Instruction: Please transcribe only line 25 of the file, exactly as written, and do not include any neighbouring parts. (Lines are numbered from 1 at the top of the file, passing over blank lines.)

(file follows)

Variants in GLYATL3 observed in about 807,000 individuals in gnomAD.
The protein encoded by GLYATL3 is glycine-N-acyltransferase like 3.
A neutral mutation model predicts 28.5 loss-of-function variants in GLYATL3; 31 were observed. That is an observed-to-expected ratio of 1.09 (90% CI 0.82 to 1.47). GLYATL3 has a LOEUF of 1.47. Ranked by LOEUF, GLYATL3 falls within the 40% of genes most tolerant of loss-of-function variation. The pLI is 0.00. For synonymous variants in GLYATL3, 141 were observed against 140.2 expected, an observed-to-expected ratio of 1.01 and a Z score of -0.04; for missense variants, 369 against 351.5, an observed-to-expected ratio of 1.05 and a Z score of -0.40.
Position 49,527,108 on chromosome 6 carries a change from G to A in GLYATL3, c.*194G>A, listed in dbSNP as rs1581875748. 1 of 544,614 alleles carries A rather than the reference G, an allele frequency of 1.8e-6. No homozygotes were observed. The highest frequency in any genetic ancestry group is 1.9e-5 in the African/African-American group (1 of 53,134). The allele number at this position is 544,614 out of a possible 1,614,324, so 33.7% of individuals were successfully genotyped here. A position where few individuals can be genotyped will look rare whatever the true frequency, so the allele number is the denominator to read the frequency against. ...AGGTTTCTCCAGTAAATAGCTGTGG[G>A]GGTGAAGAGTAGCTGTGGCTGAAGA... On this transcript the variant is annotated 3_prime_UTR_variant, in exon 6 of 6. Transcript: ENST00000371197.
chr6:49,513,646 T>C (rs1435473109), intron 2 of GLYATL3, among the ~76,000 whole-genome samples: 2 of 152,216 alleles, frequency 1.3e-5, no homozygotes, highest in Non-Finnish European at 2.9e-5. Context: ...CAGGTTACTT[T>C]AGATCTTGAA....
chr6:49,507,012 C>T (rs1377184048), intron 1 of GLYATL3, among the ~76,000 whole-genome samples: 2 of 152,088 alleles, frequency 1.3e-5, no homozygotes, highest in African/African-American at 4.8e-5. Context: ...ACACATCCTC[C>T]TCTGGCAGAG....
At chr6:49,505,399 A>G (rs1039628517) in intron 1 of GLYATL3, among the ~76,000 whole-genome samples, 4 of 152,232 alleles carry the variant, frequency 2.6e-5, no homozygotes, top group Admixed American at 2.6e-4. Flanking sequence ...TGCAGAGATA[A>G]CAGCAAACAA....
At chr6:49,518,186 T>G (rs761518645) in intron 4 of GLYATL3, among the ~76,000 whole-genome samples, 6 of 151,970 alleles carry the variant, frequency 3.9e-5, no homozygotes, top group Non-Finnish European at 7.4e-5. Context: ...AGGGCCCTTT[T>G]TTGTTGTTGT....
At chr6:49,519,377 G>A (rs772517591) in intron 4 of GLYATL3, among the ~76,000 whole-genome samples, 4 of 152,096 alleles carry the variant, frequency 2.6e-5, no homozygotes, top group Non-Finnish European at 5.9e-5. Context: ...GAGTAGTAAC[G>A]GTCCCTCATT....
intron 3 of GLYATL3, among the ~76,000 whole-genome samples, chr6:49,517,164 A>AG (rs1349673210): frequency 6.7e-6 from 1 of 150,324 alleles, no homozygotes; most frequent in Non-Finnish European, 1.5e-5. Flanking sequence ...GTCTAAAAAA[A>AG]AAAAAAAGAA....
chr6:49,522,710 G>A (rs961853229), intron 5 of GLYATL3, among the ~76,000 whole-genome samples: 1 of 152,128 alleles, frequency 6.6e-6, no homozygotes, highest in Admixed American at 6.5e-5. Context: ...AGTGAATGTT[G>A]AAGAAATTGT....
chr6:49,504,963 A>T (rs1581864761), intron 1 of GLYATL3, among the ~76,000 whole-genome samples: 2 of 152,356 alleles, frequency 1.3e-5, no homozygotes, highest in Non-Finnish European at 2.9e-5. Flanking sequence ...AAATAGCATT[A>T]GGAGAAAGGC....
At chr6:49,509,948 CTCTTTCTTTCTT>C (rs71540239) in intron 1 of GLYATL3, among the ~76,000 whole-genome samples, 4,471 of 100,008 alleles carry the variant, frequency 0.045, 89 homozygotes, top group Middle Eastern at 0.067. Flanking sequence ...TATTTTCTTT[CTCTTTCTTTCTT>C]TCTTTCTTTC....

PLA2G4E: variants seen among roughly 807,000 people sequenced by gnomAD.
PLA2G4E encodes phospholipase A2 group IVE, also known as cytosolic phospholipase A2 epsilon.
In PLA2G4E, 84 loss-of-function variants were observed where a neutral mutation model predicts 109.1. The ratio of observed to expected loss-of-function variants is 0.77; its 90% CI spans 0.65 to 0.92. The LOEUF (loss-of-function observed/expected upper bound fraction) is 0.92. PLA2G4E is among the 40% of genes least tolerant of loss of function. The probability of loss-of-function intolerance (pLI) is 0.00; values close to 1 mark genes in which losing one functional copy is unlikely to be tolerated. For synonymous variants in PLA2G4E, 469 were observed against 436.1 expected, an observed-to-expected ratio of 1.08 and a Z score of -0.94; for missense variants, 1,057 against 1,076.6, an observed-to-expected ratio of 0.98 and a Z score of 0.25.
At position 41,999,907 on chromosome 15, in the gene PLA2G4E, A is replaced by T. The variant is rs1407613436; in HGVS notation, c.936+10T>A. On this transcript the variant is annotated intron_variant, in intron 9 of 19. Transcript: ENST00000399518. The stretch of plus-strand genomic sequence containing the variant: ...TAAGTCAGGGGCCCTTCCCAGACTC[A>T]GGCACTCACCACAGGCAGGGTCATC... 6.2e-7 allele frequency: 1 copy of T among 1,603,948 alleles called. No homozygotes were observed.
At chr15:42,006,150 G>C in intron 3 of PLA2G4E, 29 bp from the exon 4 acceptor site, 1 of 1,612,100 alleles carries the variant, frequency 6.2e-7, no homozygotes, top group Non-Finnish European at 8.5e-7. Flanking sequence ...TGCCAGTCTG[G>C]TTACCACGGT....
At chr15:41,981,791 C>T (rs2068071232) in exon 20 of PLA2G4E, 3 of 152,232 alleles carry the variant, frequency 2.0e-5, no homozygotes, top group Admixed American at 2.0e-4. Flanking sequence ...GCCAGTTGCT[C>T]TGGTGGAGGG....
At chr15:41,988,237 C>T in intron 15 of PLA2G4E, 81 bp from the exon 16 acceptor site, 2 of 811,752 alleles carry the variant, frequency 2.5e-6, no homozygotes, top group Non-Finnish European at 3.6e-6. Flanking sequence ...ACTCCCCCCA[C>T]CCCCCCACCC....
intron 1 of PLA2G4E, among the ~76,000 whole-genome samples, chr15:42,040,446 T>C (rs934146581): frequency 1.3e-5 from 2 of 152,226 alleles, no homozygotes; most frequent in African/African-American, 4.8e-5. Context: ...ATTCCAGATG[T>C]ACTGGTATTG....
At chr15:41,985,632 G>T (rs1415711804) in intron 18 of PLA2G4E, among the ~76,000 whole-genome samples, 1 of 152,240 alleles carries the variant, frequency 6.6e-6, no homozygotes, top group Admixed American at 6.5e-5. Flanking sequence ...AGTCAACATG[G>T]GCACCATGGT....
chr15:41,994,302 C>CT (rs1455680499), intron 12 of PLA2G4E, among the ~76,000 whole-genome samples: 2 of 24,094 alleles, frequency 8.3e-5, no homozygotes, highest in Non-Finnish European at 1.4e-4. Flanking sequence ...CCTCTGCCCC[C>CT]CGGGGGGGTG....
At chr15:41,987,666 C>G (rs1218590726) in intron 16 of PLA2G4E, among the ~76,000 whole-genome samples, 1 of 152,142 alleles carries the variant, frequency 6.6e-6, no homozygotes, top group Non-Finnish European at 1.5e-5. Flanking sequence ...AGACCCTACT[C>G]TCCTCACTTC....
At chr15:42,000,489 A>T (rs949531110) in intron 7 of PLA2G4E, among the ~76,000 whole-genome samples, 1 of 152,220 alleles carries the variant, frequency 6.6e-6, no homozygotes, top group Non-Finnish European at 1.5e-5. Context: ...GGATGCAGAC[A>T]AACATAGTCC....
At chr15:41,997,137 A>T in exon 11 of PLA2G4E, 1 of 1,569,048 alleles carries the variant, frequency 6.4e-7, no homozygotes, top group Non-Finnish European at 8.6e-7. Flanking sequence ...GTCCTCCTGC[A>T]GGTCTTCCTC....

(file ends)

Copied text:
At chr15:42,000,489 A>T (rs949531110) in intron 7 of PLA2G4E, among the ~76,000 whole-genome samples, 1 of 152,220 alleles carries the variant, frequency 6.6e-6, no homozygotes, top group Non-Finnish European at 1.5e-5. Context: ...GGATGCAGAC[A>T]AACATAGTCC....